In patients who are known to have myasthenia gravis or the myasthenic (Eaton-Lambert) syndrome, small doses of vecuronium may have profound effects. In such patients, a peripheral nerve stimulator and use of a small test dose may be of value in monitoring the response to administration of muscle relaxants.

Prior administration of succinylcholine may enhance the neuromuscular blocking effect of vecuronium and its duration of action. If succinylcholine is used before vecuronium, the administration of vecuronium should be delayed until the succinylcholine effect shows signs of wearing off. With succinylcholine as the intubating agent, initial doses of 0.04 to 0.06 mg/kg of vecuronium may be administered to produce complete neuromuscular block with clinical duration of action of 25 to 30 minutes (see ).

The use of vecuronium before succinylcholine, in order to attenuate some of the side effects of succinylcholine, has not been sufficiently studied.

Other nondepolarizing neuromuscular blocking agents (pancuronium, d-tubocurarine, metocurine, and gallamine) act in the same fashion as does vecuronium, therefore, these drugs and vecuronium, may manifest an additive effect when used together. There are insufficient data to support concomitant use of vecuronium and other competitive muscle relaxants in the same patient.

Vecuronium is well tolerated without clinically significant prolongation of neuromuscular blocking effect in patients with renal failure who have been optimally prepared for surgery by dialysis. Under emergency conditions in anephric patients some prolongation of neuromuscular blockade may occur; therefore, if anephric patients cannot be prepared for non-elective surgery, a lower initial dose of vecuronium should be considered.

The most frequent adverse reaction to nondepolarizing blocking agents as a class consists of an extension of the drug's pharmacological action beyond the time period needed. This may vary from skeletal muscle weakness to profound and prolonged skeletal muscle paralysis resulting in respiration insufficiency or apnea.

Inadequate reversal of the neuromuscular blockade is possible with vecuronium bromide as with all curariform drugs. These adverse reactions are managed by manual or mechanical ventilation until recovery is judged adequate. Little or no increase in intensity of blockade or duration of action with vecuronium bromide is noted from the use of thiobarbiturates, narcotic analgesics, nitrous oxide, or droperidol. See for discussion of other drugs used in anesthetic practice which also cause respiratory depression.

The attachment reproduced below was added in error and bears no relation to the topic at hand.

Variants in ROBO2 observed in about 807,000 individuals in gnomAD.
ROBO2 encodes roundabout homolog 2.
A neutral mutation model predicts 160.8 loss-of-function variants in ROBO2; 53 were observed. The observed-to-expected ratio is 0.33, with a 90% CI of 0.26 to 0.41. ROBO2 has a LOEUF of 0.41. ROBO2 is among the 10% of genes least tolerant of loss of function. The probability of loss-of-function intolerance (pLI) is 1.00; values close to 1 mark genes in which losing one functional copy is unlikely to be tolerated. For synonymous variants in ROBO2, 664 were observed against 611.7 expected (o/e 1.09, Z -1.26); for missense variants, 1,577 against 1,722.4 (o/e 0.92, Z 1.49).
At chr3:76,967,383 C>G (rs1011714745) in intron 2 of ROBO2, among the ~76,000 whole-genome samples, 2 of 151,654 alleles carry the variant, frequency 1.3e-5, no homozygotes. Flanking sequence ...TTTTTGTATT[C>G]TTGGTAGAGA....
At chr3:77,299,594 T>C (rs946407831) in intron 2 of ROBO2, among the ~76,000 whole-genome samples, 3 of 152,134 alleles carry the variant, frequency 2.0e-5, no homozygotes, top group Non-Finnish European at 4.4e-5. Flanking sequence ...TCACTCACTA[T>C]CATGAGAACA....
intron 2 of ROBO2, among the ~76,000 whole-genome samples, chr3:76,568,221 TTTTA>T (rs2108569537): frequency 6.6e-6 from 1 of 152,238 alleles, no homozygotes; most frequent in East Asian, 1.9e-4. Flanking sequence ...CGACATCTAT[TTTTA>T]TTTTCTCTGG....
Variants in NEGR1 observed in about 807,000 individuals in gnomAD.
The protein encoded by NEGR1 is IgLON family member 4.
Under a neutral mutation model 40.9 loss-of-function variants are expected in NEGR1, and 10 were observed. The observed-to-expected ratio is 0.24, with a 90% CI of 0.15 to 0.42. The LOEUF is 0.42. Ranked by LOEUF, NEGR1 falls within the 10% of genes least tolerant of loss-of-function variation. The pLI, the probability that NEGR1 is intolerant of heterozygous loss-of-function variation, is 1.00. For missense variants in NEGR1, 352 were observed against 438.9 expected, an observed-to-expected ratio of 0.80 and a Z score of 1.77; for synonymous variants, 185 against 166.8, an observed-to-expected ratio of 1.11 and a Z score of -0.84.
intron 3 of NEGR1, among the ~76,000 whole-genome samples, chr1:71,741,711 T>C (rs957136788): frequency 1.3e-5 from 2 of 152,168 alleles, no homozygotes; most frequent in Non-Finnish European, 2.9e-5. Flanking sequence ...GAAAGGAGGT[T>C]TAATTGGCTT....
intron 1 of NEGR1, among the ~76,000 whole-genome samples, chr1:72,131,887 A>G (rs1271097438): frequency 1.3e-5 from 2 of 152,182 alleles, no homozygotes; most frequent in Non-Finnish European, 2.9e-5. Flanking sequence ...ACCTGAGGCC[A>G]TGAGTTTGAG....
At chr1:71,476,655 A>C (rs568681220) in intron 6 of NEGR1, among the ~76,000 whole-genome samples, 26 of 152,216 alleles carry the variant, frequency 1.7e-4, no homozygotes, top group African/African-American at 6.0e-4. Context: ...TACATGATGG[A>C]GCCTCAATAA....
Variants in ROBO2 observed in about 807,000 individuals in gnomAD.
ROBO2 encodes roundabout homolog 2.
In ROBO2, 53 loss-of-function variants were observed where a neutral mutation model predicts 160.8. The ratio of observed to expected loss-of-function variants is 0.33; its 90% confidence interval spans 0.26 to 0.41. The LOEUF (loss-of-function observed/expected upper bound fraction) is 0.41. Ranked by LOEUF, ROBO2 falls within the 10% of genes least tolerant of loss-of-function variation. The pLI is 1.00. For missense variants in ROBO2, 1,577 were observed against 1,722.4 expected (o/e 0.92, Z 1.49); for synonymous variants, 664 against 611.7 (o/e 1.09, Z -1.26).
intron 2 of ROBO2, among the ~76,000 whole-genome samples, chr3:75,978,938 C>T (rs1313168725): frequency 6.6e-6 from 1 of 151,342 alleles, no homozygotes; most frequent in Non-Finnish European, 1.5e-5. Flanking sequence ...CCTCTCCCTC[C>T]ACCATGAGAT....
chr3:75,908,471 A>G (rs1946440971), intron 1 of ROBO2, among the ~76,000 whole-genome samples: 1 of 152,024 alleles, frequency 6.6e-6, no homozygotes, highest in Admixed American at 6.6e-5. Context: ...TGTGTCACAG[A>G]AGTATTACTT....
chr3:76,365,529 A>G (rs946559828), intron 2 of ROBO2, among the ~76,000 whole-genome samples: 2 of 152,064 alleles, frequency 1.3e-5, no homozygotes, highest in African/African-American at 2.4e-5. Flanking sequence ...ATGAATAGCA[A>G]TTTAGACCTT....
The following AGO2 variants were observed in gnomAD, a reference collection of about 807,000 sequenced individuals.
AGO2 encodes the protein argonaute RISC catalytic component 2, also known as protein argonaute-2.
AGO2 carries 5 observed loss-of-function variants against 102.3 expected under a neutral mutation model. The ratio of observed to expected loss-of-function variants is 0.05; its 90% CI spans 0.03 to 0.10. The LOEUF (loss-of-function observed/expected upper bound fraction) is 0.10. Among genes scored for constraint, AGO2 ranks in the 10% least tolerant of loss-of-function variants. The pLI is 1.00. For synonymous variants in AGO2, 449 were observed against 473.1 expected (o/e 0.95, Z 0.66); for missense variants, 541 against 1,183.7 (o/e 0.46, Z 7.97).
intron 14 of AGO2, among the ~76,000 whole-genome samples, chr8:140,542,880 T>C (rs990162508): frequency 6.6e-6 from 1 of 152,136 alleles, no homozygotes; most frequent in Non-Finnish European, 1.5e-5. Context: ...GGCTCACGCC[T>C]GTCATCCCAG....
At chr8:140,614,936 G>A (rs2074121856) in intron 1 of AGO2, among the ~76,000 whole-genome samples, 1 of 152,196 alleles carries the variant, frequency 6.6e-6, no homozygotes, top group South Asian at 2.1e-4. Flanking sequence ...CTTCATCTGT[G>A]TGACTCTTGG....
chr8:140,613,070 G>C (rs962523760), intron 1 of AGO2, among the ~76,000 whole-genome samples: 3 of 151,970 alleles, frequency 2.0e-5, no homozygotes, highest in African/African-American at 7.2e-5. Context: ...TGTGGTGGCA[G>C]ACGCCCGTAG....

Prolonged to profound extensions of paralysis and/or muscle weakness as well as muscle atrophy have been reported after long-term use to support mechanical ventilation in the intensive care unit (see ). The administration of vecuronium bromide has been associated with rare instances of hypersensitivity reactions (bronchospasm, hypotension and/or tachycardia, sometimes associated with acute urticaria or erythema); (see also ).

There have been post-marketing reports of severe allergic reactions (anaphylactic and anaphylactoid reactions) associated with use of neuromuscular blocking agents, including vecuronium bromide. These reactions, in some cases, have been life-threatening and fatal. Because these reactions were reported voluntarily from a population of uncertain size, it is not possible to reliably estimate their frequency (See and

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Reference

This information is obtained from the National Institute of Health's Standard Packaging Label drug database.
"https://dailymed.nlm.nih.gov/dailymed/"

While we update our database periodically, we cannot guarantee it is always updated to the latest version.

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Professional

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Tips

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Interactions

Interactions